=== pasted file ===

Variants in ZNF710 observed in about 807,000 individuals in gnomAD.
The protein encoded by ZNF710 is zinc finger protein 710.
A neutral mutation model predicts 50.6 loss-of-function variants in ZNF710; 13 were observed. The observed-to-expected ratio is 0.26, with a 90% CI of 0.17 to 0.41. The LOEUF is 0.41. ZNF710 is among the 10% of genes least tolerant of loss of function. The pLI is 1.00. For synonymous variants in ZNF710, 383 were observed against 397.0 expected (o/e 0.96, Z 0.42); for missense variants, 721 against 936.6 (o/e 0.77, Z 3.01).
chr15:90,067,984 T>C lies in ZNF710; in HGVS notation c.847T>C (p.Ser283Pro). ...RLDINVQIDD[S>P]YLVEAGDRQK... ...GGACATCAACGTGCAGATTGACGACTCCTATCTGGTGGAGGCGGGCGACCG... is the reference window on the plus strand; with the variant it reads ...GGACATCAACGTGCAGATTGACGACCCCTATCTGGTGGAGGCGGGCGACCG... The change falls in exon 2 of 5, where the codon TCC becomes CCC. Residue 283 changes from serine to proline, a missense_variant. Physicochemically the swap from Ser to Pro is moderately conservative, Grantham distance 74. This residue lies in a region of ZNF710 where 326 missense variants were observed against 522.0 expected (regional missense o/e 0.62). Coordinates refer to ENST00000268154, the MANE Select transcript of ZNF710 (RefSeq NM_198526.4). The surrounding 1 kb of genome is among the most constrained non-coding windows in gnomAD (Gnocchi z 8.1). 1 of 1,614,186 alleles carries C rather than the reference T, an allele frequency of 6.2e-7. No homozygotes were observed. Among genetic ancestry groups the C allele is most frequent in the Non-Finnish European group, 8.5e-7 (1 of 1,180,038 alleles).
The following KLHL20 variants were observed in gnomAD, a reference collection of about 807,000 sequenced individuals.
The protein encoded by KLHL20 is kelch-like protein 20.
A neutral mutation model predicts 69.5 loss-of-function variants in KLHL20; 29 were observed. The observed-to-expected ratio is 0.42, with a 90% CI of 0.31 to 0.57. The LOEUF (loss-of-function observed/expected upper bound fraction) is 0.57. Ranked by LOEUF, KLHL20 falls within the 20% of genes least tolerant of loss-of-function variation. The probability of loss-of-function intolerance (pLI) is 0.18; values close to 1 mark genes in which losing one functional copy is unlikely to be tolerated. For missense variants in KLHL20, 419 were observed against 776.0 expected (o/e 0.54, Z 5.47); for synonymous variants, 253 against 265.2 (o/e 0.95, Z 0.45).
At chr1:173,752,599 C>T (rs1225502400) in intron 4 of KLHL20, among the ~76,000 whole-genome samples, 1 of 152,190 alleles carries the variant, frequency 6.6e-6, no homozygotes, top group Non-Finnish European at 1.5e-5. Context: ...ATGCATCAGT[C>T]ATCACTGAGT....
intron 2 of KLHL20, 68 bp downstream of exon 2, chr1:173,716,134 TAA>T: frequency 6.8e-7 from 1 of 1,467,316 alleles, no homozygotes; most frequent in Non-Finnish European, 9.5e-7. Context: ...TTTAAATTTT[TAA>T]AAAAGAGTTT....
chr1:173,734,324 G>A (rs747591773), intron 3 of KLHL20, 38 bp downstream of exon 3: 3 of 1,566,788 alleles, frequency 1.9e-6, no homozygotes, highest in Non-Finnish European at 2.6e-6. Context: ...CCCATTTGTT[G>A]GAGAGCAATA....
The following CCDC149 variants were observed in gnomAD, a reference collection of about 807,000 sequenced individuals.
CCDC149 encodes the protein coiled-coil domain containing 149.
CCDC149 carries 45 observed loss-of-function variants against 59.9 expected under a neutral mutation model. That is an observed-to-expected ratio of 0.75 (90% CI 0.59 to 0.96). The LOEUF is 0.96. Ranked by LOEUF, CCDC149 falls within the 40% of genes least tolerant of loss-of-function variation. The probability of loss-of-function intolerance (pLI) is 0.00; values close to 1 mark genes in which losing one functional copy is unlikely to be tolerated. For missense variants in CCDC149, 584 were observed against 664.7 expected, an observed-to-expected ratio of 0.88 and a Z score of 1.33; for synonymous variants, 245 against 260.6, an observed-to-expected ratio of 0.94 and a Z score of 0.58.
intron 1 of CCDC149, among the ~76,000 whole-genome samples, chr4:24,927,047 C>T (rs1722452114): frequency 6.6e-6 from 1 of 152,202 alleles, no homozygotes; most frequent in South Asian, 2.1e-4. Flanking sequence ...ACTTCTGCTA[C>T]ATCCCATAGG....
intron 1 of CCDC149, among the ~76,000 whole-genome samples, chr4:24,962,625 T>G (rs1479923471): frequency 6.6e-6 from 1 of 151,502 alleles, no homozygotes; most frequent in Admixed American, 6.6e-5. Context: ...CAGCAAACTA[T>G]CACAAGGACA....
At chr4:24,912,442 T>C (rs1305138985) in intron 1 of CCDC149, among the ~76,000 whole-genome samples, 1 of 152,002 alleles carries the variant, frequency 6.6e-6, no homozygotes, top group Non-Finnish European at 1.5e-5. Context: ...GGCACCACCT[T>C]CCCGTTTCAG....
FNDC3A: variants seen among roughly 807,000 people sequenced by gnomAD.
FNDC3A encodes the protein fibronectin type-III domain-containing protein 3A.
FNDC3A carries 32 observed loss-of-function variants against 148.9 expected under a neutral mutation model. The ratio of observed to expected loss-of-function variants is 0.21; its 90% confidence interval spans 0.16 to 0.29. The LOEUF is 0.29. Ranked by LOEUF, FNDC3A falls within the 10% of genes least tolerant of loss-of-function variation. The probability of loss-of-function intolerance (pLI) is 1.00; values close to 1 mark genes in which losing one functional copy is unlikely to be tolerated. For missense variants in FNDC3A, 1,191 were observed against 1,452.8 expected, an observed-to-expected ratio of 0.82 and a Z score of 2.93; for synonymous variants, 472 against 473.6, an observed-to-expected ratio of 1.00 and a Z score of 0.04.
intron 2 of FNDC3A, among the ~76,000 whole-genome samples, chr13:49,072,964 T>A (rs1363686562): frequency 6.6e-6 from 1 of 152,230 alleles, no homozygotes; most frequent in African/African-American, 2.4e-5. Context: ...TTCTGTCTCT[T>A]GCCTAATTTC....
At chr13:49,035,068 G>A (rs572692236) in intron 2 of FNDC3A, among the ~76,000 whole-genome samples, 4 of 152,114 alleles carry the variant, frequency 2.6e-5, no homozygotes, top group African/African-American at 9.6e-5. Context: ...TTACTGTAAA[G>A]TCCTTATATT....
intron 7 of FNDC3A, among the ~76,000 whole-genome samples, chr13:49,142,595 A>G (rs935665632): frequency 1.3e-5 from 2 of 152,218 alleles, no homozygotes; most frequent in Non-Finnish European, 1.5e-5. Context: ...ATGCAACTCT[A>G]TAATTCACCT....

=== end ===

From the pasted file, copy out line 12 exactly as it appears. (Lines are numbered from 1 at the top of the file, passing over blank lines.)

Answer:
CCDC149 encodes the protein coiled-coil domain containing 149.